How deep does this stigma go? Well deep enough, many people often believe that going to therapy or even accepting that one has a mental health issue is a sign of weakness. Deep enough that phrases like “Fake it till you make it”, and “Suck it up!” are much more popular amongst the youth than “Ask for help if you need it.”. Deep enough, for people to anonymize their struggle and go into the dark allies of the internet to seek help rather than just asking the people around them. Deep enough that it’s okay to share memes with your so-called friends about mental health, but not okay to just say that you are the person in that meme, the irony of this connected world. What can you do about it? Well, that is what the next section is all about.

Businessman climbing higher stairs
  • The Steps:

People generally know that they need help, but then don’t know what to do next, or perhaps they are afraid of what comes next. It’s like Newton said, ” An object in a state of uniform motion or rest will continue to do so unless compelled to change its state by the action of an external force.”. Similarly, it’s much easier to be stuck in the loop of self-pity, imagine the worse, and continue with your day-to-day life with a general feeling of gloom and despair than to do something about it.

Let me share a story, What do you do if you want to get some abs or get in shape? Go to the gym perhaps. Sounds easy, maybe for many it is. But for me going to the gym was one of the most difficult things I ever did. For some reason, those gym bros with their massive muscles and ripped body have been the stuff of nightmares for me. It is an unfounded fear that I had, but it was a fear that prevented me from setting foot in a gym for 25 years (I am a few months over 25 now 😉), till I meet a gym bro and I decided to face my fears. Turns out, those ripped gym bros are real softies and are more than willing to help you get started in the gym. How is this story relevant? Because seeking help for yourself is like hitting the gym. You need to get over that unfounded fear of “Psychologists are for crazy people.” or “I don’t need therapy, I am doing just fine.”. The truth however is that it is easier said than done. So how can we do it?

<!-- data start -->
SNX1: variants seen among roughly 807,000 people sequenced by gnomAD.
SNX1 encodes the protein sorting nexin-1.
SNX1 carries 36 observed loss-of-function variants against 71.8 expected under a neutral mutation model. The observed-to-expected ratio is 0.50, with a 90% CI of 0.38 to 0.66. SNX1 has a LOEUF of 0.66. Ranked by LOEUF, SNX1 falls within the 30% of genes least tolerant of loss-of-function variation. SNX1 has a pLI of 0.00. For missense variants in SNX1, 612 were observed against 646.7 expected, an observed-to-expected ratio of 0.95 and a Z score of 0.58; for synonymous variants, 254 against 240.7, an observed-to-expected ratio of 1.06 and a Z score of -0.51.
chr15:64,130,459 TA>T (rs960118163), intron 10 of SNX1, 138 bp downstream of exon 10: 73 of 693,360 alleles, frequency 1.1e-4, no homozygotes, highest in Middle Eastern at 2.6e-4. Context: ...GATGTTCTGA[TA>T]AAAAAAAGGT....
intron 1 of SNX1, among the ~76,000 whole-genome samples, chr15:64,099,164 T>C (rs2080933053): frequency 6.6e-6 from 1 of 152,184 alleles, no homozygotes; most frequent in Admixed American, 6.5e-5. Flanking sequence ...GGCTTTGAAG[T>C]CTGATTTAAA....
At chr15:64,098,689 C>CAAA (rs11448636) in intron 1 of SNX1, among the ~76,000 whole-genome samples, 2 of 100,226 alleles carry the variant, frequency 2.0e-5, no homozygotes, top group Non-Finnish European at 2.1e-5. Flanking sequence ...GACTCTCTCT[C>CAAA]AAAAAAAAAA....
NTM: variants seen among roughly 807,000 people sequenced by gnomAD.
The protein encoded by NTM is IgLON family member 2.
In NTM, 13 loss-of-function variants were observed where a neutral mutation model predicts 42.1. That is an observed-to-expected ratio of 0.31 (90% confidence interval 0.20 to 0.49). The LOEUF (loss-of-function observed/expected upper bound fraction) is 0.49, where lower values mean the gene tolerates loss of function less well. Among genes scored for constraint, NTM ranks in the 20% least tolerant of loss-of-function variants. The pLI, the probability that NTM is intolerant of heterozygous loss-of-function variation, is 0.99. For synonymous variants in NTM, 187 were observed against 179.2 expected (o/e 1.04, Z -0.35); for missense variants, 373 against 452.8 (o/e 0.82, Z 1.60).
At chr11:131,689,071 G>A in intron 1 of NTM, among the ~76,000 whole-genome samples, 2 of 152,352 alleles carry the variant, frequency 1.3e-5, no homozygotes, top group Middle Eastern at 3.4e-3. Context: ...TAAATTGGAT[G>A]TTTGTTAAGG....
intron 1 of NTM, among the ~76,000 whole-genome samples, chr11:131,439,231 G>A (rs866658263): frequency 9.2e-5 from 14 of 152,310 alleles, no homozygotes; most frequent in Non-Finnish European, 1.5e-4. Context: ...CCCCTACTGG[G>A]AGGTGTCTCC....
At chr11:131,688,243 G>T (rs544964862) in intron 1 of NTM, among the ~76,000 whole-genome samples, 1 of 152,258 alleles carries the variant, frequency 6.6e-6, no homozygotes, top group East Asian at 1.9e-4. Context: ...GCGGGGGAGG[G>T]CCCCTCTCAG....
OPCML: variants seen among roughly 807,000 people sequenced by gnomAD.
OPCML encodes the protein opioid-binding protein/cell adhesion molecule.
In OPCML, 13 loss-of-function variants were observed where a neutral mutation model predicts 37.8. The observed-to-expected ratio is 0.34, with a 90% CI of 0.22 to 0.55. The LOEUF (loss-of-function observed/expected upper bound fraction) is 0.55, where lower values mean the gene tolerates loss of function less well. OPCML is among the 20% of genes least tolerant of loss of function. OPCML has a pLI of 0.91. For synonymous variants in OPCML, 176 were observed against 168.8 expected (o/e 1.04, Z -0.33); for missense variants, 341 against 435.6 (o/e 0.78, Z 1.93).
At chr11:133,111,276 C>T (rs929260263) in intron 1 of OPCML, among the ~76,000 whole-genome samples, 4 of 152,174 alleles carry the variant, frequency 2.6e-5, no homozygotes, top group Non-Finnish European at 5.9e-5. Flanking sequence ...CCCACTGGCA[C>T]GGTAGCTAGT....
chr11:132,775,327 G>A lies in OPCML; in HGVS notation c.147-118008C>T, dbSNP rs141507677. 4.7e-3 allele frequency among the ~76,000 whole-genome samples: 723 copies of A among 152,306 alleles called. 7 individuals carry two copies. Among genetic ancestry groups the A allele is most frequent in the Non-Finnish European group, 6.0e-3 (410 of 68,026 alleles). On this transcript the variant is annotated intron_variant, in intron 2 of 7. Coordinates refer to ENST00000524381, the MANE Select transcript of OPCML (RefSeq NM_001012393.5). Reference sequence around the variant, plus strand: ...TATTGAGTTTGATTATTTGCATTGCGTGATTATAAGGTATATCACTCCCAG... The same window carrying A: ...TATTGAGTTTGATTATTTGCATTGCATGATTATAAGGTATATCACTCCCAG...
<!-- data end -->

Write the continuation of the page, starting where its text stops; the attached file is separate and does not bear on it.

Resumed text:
Step 1: Deny

How, about just denying the whole idea that therapy helps? Call it pseudo-science, useless, risky, impersonal, or something for people who don’t have friends. That is step one.

The benefit of properly doing step one is that if you are a logical person, which I presume you are because you are reading this article, you will find the logical fallacies in your argument. The issue with mental health is that people equate it with a broken brain, which needs to be fixed. So when we don’t see immediate results/relief after visiting the doctor, we assume it’s not working. In reality, it’s more like bodybuilding, you need to keep exercising for a while before you see results. Whether you choose to do it in a gym, hire a personal trainer, or go solo it’s all up to you. In general, it’s recommended to get some expert help before you get started else the exercise might end up doing more harm than good. I hope by now you realize what going to therapy is all about, it’s getting that expert help before you set out on your body(brain)-building journey. I also hope that by now you realize the enormity of the task that lies ahead of you. So let us now go to step 2.